NC group aims to improve neonatal care
Posted January 9, 2014
Updated January 13, 2014
Jean-Paul and Lisa Dame gave up on having a baby after years of trying with medical assistance.
“You know, they say when you stop trying, you know, it happens and so that's when we had Gabby,” Jean-Paul Dame said.
The Raleigh couple conceived their daughter naturally and everything was going well until preeclampsia – high blood pressure during pregnancy – forced Gabby to be delivered at 25 weeks.
She weighed just over a pound.
About 12 percent of mothers across the country have preterm births. North Carolina is at 13 percent.
“I think we're seeing lots more babies that are smaller than ever before,” said Dr. Martin McCaffrey, director of the Perinatal Quality Collaborative of North Carolina (PQCNC).
The collaborative is a statewide conference of medical professionals from 65 hospitals with the goal of improving care for both mothers in high-risk pregnancies and their babies who end up in neonatal intensive care units.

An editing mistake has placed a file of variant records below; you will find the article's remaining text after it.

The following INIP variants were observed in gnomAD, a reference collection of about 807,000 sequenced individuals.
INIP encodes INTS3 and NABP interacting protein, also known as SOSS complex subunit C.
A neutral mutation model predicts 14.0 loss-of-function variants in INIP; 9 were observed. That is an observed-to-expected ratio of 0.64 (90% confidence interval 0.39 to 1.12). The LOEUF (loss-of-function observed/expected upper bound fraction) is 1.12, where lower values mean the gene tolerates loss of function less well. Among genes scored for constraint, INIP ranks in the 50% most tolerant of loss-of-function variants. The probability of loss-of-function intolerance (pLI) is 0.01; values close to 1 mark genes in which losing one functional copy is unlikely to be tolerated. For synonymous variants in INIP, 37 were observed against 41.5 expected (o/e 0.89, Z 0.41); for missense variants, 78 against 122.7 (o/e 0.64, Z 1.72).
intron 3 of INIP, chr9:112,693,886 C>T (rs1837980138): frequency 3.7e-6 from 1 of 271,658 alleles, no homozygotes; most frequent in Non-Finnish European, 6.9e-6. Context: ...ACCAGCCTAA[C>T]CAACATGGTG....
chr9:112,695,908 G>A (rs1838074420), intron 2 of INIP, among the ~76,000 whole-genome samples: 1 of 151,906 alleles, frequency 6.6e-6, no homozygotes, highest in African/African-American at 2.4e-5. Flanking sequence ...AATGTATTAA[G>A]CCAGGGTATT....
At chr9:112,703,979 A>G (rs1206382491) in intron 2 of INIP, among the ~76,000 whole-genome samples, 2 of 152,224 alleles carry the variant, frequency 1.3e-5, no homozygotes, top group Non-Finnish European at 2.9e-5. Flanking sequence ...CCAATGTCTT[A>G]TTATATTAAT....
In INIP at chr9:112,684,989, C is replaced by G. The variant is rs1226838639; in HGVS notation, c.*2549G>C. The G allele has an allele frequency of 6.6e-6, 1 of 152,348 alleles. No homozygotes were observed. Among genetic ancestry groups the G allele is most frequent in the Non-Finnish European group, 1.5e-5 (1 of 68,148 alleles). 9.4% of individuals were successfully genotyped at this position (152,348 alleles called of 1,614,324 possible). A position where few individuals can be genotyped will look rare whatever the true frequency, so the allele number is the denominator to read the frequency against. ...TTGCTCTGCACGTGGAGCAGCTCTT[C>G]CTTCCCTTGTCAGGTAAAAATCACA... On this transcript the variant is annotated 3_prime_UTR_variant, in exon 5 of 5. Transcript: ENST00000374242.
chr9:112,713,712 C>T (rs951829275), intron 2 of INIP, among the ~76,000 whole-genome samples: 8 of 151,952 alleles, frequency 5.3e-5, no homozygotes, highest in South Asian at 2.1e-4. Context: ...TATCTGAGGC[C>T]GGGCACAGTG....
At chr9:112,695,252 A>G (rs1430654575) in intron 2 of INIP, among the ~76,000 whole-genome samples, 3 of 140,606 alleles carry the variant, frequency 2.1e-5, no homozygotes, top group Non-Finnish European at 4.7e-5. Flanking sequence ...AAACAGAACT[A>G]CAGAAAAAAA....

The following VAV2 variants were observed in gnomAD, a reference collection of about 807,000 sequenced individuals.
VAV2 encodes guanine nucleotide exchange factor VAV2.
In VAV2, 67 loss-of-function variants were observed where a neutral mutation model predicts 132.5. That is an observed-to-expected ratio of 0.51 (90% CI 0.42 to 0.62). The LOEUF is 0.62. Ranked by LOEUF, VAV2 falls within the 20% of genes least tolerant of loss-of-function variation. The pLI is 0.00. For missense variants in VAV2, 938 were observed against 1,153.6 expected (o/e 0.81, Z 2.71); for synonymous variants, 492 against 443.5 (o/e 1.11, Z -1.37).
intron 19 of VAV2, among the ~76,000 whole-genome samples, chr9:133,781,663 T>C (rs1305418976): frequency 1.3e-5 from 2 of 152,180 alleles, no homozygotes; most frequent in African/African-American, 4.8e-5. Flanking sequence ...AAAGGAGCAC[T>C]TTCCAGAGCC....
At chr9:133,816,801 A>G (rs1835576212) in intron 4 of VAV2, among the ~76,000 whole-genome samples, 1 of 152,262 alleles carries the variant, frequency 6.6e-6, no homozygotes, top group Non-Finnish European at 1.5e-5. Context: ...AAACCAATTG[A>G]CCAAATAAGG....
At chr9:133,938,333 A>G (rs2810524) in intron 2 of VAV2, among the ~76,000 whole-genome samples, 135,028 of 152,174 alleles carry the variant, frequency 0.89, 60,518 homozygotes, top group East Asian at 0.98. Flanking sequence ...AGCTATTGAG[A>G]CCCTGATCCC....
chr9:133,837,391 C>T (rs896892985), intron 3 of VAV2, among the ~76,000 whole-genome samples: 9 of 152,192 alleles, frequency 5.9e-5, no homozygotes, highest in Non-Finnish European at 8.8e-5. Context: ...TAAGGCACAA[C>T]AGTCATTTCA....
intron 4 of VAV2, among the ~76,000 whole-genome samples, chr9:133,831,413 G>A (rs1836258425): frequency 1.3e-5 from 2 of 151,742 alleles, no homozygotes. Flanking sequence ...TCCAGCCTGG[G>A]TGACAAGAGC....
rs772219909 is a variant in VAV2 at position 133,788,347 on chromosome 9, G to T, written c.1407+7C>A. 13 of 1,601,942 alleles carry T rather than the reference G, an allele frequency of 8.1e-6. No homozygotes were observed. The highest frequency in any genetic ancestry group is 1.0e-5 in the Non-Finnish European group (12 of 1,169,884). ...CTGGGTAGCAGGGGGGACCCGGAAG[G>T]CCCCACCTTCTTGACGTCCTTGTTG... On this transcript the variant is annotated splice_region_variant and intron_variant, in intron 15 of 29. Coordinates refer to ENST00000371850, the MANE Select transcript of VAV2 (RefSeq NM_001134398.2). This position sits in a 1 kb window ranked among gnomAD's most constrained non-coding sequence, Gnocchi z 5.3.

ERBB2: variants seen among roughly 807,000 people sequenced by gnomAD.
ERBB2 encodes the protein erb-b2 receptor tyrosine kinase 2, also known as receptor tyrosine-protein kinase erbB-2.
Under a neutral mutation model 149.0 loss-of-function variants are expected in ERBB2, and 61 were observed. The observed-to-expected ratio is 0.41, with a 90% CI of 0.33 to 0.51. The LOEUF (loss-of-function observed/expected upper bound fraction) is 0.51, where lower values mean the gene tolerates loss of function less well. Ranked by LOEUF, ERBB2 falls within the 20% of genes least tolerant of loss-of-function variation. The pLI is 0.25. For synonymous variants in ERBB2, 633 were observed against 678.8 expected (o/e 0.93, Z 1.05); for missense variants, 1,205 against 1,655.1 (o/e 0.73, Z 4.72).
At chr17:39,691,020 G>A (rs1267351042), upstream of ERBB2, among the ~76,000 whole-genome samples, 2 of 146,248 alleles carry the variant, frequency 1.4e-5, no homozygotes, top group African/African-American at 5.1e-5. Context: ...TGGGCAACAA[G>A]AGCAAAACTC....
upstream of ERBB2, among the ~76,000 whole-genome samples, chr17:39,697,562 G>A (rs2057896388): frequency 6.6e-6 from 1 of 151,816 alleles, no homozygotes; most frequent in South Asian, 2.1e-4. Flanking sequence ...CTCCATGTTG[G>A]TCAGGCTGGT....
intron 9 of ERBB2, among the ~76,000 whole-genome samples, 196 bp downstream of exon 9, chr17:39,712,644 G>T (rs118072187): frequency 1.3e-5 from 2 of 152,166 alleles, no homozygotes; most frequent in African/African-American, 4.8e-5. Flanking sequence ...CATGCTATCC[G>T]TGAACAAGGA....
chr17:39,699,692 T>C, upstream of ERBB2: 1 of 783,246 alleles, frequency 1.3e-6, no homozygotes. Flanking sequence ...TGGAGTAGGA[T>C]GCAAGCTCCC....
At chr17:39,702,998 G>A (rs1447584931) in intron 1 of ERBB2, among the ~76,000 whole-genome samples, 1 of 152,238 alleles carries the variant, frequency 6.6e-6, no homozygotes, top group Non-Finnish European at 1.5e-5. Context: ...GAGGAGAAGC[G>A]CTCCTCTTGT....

Babies in neonatal units require central lines, which put them at higher risk for infection.
That risk became real for the Dames, as Gabby's health suddenly declined due to what was later diagnosed as a MRSA infection.
After her death, Gabby became the face of the group’s mission to prevent infection. The collaborative has promoted higher standards for infection control across the state, such as hand washing, better checks and balances among hospital staff and more family involvement.
“We have had outstanding results,” McCaffrey said. “In the infection project we have seen a reduction in the infection of central lines of 71 percent.”
The Dames are thankful their loss turned into something positive.
“I'm very happy with the return and the momentum that we've been able to start,” Jean-Paul Dame said.